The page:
The Supreme Court rendered the 108-Tai-Shang-1878-Zi Decision of December 19, 2019 (hereinafter, the “Decision”), holding that if the names, trade names or company names of others are not generally known to relevant enterprises or consumers, the use of such identical or similar name can hardly be found to constitute unfair competition.
According to the facts underlying this Decision, the Appellant established OO Enterprise Ltd., whose name was approved by the competent authority, on March 29, 2010, while the Appellee registered the name of OO Food Ltd. for its establishment on June 23, 2011. The Appellant asserted that the specially selected portion of the Appellee’s company name, which is “OO,” the registered business items and products actually sold were all identical to the Appellant’s. The Appellee’s use of the specially selected portion of the name, which is “OO,” for advertising and marketing is objectively sufficient to cause confusions and misidentifications and violate the Appellant’s name right. The Appellee’s business operation using the name “OO Food Ltd.” in public is sufficient to undermine trading order and constitutes unfair competition in violation of Article 20, Paragraph 1, Subparagraphs 1 and 2 and Article 24 of the Fair Trade Law before amendment. Therefore, a complaint was filed to compel the Appellee not to use “OO Food Ltd.” as its company name in accordance with Article 19 of the Civil Code and Article 30 of the Fair Trade Law.
For starter, according to the findings in the second-instance decision, the type of business is “food” as indicated in the Appellee’s company name. Since it is clearly indicated in a text that a different type of business is involved, the two should be deemed different company names. The name of the Appellant’s company is different from that of the Appellee’s. It should not be difficult for ordinary people use ordinary caution to tell that the two are two different entities. Therefore, it is difficult to conclude that the name used by the Appellee leads to confusions and misidentifications concerning the rights and obligations between the two, and the Appellant’s request that the Appellee should not use its company name in accordance with Article 19 of the Civil Code is unacceptable. In addition, the principal places of business, business locations and types of business of the two are all different, not to mention that ordinary consumers should not be confused or misled into misidentifications according to the catalogues of products produced by both parties for sale. In the end, since the Appellant never used the specially selected portion “OO” for product advertising or on product packages, confusion with the Appellee in the market is unlikely. The original trial court reversed the first-instance decision, which found in favor of the Appellant on the ground that the Appellant had failed to substantiate the Appellee’s violation of the Fair Trade Law, and rendered a decision to dismiss the Appellant’s first-instance complaint. Dissatisfied, the Appellant appealed.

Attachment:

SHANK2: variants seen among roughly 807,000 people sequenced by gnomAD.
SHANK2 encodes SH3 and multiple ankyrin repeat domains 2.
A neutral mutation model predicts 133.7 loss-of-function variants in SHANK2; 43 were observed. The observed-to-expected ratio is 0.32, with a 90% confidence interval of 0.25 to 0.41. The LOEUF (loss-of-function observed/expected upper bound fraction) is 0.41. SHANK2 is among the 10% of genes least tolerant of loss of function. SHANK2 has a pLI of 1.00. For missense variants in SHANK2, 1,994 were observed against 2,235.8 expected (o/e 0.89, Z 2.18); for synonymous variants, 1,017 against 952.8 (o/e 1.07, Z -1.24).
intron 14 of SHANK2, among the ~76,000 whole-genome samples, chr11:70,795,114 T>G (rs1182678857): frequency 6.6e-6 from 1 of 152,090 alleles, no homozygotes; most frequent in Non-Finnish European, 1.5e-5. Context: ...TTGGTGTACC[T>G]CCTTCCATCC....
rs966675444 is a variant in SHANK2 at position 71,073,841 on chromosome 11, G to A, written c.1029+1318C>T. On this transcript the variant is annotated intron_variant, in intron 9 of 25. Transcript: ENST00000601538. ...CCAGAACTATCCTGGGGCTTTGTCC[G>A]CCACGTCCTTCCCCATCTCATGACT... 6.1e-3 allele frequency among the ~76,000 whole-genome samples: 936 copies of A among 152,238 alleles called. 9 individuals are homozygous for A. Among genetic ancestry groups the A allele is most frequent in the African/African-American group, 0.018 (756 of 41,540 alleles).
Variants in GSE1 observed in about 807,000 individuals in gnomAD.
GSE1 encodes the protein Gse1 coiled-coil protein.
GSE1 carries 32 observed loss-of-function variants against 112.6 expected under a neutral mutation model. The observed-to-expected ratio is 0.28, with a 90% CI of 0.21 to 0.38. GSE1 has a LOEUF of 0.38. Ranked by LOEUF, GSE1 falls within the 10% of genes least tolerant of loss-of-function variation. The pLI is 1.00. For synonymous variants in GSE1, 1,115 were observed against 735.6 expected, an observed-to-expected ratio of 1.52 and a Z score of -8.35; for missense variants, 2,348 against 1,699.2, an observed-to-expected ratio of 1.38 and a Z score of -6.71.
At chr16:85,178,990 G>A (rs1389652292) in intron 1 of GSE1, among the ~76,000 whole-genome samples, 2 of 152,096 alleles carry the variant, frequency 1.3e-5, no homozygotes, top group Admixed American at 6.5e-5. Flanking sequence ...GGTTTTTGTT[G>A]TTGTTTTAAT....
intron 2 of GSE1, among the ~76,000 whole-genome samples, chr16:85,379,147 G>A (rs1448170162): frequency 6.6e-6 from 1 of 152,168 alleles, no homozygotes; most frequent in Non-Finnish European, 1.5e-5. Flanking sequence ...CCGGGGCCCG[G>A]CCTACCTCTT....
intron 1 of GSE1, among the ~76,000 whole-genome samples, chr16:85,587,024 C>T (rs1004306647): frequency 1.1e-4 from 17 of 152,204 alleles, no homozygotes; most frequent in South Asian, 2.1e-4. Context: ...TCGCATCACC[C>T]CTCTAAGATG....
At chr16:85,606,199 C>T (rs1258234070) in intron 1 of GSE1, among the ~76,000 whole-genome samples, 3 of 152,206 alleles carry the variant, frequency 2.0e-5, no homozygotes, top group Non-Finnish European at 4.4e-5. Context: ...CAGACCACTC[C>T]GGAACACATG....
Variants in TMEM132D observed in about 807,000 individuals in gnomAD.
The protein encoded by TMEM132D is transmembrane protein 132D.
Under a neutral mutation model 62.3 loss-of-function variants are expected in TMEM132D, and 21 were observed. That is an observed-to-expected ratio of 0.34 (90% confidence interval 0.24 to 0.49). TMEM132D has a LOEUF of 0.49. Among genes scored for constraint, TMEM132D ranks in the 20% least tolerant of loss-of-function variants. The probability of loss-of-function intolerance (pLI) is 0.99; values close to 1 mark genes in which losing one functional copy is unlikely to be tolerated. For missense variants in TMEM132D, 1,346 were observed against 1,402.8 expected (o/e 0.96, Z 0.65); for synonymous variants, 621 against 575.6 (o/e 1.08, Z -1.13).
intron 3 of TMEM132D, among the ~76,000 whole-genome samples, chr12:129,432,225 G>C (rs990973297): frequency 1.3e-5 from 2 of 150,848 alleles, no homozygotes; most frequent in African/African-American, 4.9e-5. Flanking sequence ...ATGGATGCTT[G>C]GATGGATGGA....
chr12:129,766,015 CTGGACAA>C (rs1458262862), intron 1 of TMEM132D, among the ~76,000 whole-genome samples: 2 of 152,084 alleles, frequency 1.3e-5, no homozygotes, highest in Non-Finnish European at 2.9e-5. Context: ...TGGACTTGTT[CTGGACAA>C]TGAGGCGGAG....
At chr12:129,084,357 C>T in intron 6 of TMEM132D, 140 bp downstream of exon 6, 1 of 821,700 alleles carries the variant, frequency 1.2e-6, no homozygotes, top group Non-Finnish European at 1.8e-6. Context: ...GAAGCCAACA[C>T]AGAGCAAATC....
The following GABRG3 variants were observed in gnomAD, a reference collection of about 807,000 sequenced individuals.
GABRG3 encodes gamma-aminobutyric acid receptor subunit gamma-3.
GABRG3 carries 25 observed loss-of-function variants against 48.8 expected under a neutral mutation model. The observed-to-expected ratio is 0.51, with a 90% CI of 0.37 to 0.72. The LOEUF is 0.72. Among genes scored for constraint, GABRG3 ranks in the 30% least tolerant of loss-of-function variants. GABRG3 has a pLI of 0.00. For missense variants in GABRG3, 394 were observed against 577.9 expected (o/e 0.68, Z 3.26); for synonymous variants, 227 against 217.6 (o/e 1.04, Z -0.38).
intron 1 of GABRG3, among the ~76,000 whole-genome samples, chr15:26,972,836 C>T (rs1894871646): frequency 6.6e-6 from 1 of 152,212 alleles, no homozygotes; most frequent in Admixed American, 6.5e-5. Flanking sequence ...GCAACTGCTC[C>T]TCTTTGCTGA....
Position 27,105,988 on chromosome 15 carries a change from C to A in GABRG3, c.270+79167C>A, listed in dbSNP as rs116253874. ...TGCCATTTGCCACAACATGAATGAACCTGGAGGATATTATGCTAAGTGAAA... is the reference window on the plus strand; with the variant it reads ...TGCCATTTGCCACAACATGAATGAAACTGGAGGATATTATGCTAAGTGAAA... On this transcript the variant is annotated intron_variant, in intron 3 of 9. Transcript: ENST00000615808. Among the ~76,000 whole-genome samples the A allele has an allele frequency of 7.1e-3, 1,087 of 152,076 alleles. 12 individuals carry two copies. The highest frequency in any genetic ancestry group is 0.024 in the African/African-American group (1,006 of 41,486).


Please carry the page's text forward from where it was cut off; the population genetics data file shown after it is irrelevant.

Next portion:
According to the Decision, the restrictions on an enterprise’s use for its goods or services provided as part of its business operation of names identical to the names, trade names or company names of others under Article 20, Paragraphs 1 and 2 of the Fair Trade Law are applicable only when the names, trade names or company names of others are generally known to relevant enterprises or consumers. Therefore, if the names, trade names or company names of others are not generally known to relevant enterprises or consumers, it is still difficult to directly conclude that the use of identical or similar names or designations would certainly constitute unfair competition.
It was further pointed out in this Decision that upon incorporation registration by the Appellee, the specially selected portion of the name “OO” was followed by “Food,” which is sufficient to differentiate the business type, not to mention that the specially selected portion of the name “OO” had long been registered and used by a third party which is “OO Industry Ltd.” before it was used for company registration by both parties. In addition, “OO” was also used by “OO Ltd.” (a Hong Kong company) for its trademark registration in Taiwan. This further proves that the Appellant is not generally known to general consumers. Moreover, the Appellant licenses third parties to manufacture and sell food products and does not use the specially selected portion of the name which is “OO” to manufacture or sell products. Therefore, the Appellee’s use for its company name should not cause confusions or misidentifications with the representation of Appellant’s products or services in the market, does not constitute unfair competition or undermine trading order and does not meet the circumstances under Article 20, Paragraph 1, Subparagraphs 1 and 2 and Article 24 of the Fair Trade Law and Article 19 of the Civil Code. Therefore, the Appellant’s request to prohibit the Appellee from using its name should not be granted. Believing that the appeal was groundless, the Supreme Court rejected the appeal.